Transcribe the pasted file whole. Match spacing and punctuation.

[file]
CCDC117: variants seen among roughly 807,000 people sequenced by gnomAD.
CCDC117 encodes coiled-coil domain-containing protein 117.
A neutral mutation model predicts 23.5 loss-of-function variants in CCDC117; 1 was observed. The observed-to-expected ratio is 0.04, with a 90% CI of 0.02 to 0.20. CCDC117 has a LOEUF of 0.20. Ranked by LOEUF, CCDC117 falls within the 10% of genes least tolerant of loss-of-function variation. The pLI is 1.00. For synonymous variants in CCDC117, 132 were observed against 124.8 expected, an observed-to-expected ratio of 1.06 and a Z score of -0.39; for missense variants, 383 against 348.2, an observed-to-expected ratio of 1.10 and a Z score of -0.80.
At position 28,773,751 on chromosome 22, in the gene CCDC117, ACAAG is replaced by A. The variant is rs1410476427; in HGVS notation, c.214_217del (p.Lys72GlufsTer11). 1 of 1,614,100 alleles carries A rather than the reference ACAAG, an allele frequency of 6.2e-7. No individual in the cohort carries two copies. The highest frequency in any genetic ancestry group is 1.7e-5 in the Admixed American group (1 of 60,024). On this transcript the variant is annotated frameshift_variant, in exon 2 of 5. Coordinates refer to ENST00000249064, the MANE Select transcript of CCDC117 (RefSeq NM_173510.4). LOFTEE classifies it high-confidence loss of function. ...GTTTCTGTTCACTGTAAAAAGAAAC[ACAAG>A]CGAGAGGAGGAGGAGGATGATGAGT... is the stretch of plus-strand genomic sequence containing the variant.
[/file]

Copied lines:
CCDC117: variants seen among roughly 807,000 people sequenced by gnomAD.
CCDC117 encodes coiled-coil domain-containing protein 117.
A neutral mutation model predicts 23.5 loss-of-function variants in CCDC117; 1 was observed. The observed-to-expected ratio is 0.04, with a 90% CI of 0.02 to 0.20. CCDC117 has a LOEUF of 0.20. Ranked by LOEUF, CCDC117 falls within the 10% of genes least tolerant of loss-of-function variation. The pLI is 1.00. For synonymous variants in CCDC117, 132 were observed against 124.8 expected, an observed-to-expected ratio of 1.06 and a Z score of -0.39; for missense variants, 383 against 348.2, an observed-to-expected ratio of 1.10 and a Z score of -0.80.
At position 28,773,751 on chromosome 22, in the gene CCDC117, ACAAG is replaced by A. The variant is rs1410476427; in HGVS notation, c.214_217del (p.Lys72GlufsTer11). 1 of 1,614,100 alleles carries A rather than the reference ACAAG, an allele frequency of 6.2e-7. No individual in the cohort carries two copies. The highest frequency in any genetic ancestry group is 1.7e-5 in the Admixed American group (1 of 60,024). On this transcript the variant is annotated frameshift_variant, in exon 2 of 5. Coordinates refer to ENST00000249064, the MANE Select transcript of CCDC117 (RefSeq NM_173510.4). LOFTEE classifies it high-confidence loss of function. ...GTTTCTGTTCACTGTAAAAAGAAAC[ACAAG>A]CGAGAGGAGGAGGAGGATGATGAGT... is the stretch of plus-strand genomic sequence containing the variant.